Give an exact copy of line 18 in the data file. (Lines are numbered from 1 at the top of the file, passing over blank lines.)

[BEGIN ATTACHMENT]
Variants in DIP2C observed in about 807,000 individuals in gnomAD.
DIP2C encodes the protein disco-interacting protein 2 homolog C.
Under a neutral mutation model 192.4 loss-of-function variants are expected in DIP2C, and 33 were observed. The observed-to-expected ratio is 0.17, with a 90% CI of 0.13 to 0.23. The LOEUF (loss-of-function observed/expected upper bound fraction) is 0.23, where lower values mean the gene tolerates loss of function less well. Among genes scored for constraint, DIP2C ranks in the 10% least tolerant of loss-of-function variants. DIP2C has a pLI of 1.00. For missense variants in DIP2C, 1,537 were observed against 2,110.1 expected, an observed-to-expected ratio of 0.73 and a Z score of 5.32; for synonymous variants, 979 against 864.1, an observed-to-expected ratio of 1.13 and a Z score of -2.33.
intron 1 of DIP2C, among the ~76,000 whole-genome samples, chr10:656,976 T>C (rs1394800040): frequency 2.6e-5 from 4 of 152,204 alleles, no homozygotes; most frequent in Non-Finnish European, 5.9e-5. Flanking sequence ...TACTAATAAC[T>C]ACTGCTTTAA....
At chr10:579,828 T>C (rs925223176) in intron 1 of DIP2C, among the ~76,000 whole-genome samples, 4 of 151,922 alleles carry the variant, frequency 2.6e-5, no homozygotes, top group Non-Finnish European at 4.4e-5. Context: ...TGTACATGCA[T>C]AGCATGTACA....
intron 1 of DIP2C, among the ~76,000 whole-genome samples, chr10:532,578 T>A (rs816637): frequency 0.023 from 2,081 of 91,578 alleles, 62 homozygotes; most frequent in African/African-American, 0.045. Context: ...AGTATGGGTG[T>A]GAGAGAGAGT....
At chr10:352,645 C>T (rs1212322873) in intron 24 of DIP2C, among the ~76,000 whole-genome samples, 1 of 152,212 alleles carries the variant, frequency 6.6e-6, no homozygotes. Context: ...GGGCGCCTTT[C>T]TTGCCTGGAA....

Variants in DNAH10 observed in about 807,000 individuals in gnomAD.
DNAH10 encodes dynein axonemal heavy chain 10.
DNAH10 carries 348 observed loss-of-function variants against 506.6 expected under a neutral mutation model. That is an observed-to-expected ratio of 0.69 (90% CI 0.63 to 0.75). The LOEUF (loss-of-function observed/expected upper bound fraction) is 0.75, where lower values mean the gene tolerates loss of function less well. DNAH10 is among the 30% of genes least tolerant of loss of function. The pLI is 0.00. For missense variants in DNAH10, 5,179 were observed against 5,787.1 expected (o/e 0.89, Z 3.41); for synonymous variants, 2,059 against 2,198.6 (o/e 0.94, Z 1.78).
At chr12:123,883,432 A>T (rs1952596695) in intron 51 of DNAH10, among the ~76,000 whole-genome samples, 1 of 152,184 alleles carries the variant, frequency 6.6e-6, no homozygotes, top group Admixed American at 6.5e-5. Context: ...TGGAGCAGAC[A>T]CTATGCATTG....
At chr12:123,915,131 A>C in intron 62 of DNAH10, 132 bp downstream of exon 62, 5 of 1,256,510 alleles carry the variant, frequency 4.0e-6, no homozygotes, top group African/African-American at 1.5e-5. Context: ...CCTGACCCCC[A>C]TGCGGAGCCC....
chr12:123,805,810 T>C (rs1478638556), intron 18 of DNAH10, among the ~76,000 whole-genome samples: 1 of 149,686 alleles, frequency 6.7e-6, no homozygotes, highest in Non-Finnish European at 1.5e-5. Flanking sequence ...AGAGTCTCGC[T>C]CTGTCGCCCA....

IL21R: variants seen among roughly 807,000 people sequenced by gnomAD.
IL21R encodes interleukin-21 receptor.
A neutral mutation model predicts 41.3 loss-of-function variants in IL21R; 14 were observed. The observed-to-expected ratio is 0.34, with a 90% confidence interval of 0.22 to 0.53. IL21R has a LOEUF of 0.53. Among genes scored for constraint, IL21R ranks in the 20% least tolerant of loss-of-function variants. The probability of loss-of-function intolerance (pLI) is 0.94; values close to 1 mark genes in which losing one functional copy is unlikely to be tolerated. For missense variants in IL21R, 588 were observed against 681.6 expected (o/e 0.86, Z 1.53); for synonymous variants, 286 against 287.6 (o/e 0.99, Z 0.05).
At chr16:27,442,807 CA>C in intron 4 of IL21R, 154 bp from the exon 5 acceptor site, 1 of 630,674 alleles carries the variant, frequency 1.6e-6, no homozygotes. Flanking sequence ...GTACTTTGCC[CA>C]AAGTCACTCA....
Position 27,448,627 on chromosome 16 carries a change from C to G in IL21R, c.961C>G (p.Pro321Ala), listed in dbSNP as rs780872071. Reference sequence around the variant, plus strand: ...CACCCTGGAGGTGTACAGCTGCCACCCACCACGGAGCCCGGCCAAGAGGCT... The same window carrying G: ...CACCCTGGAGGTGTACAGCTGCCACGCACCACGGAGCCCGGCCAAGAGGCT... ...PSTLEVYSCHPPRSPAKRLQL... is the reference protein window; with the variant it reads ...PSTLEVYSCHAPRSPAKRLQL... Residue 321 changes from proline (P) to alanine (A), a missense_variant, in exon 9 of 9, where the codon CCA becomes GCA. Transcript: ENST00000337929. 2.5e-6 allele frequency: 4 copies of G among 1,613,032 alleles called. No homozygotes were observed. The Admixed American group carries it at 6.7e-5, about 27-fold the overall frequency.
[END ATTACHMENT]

Position 27,448,627 on chromosome 16 carries a change from C to G in IL21R, c.961C>G (p.Pro321Ala), listed in dbSNP as rs780872071. Reference sequence around the variant, plus strand: ...CACCCTGGAGGTGTACAGCTGCCACCCACCACGGAGCCCGGCCAAGAGGCT... The same window carrying G: ...CACCCTGGAGGTGTACAGCTGCCACGCACCACGGAGCCCGGCCAAGAGGCT... ...PSTLEVYSCHPPRSPAKRLQL... is the reference protein window; with the variant it reads ...PSTLEVYSCHAPRSPAKRLQL... Residue 321 changes from proline (P) to alanine (A), a missense_variant, in exon 9 of 9, where the codon CCA becomes GCA. Transcript: ENST00000337929. 2.5e-6 allele frequency: 4 copies of G among 1,613,032 alleles called. No homozygotes were observed. The Admixed American group carries it at 6.7e-5, about 27-fold the overall frequency.